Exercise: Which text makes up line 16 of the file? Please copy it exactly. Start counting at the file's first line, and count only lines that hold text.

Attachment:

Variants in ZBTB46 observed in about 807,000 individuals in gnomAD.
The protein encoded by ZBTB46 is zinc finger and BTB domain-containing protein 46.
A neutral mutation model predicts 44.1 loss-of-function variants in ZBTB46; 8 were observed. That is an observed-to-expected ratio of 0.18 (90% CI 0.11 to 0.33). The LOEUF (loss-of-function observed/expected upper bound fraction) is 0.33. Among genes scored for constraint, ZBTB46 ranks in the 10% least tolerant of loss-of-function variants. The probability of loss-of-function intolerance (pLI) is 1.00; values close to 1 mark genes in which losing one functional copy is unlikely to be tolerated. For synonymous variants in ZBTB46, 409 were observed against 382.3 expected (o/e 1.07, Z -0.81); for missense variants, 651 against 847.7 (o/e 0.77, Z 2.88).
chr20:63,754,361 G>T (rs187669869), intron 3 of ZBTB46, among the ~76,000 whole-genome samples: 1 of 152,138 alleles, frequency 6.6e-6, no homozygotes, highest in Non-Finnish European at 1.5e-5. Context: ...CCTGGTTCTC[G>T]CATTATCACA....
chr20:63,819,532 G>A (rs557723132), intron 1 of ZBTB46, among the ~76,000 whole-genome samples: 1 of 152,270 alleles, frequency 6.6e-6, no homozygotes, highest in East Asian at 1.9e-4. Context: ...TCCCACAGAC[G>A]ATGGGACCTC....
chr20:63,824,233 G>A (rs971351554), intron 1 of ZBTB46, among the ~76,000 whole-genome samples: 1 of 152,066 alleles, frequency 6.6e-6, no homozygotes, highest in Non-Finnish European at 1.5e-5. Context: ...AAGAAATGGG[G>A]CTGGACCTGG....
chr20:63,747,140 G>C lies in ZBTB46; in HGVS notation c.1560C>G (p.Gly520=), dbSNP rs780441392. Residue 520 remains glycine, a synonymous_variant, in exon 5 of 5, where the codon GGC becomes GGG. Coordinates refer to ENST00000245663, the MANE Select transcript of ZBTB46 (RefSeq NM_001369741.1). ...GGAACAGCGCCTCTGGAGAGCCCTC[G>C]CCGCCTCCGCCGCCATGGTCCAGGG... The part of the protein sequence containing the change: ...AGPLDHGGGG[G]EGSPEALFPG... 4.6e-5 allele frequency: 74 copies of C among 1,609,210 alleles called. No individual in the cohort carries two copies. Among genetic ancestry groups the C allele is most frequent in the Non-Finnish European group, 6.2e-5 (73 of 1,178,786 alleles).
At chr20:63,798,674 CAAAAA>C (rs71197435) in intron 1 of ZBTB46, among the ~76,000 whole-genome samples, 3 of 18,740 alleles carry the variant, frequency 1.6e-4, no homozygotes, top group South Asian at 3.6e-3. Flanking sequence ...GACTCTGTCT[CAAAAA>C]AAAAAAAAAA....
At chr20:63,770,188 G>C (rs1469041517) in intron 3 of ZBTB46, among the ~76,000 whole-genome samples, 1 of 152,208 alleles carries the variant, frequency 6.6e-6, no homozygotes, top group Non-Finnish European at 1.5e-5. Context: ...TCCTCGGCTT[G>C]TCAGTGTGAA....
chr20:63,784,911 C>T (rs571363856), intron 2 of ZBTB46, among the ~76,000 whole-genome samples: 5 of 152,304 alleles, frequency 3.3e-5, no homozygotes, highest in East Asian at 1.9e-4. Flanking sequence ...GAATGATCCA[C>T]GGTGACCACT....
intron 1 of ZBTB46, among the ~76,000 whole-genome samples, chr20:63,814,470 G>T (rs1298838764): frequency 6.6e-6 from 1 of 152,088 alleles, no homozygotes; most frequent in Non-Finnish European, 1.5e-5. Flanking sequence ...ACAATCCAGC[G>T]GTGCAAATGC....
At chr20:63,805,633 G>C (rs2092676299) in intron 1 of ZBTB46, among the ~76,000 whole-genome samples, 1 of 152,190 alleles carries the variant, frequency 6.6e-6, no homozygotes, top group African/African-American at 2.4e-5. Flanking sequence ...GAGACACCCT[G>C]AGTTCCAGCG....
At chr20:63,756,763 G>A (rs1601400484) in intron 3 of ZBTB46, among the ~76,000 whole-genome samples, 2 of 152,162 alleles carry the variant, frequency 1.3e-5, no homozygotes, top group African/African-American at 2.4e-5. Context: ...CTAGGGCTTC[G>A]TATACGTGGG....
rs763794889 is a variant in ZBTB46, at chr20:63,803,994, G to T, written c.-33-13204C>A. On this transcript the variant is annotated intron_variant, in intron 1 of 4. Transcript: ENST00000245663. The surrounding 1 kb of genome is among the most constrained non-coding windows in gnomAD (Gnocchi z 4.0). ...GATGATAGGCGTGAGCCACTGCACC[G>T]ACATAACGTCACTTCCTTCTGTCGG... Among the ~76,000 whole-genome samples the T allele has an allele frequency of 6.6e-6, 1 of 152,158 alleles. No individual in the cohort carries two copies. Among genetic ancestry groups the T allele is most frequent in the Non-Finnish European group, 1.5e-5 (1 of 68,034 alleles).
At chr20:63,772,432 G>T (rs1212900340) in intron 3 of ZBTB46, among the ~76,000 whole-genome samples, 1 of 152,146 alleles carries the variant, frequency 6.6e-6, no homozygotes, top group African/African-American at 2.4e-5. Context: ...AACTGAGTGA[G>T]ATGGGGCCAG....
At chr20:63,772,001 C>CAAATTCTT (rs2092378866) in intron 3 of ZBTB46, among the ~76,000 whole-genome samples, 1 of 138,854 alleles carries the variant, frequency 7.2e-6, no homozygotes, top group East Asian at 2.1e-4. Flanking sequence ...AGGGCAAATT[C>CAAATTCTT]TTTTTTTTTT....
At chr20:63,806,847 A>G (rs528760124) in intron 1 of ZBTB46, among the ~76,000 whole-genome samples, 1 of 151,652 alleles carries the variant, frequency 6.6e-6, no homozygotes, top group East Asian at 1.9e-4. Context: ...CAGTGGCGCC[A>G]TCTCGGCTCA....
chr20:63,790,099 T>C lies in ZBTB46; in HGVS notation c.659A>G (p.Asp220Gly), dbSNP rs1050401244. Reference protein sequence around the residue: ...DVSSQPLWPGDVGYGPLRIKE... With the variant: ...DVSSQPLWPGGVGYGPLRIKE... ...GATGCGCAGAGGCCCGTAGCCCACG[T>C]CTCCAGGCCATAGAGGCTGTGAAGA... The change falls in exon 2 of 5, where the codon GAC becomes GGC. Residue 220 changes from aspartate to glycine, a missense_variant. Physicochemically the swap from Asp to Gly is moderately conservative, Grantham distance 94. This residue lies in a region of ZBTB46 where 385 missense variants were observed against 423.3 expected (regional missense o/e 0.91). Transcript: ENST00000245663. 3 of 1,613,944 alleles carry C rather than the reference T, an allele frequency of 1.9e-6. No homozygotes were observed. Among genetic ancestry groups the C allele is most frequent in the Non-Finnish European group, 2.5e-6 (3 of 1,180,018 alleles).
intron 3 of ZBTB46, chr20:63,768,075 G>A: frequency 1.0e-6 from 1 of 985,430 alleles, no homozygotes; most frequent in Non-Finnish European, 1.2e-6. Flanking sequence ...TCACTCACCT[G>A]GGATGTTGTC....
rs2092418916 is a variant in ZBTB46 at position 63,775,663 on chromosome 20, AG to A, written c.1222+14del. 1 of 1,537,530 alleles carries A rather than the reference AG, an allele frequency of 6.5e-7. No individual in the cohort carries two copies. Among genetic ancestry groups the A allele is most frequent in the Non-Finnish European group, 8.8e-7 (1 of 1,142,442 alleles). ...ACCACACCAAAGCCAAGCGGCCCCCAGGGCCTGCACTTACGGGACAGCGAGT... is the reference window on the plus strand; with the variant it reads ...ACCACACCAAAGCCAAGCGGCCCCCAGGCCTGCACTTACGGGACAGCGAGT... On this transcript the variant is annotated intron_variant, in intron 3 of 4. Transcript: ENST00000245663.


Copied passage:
At chr20:63,772,001 C>CAAATTCTT (rs2092378866) in intron 3 of ZBTB46, among the ~76,000 whole-genome samples, 1 of 138,854 alleles carries the variant, frequency 7.2e-6, no homozygotes, top group East Asian at 2.1e-4. Flanking sequence ...AGGGCAAATT[C>CAAATTCTT]TTTTTTTTTT....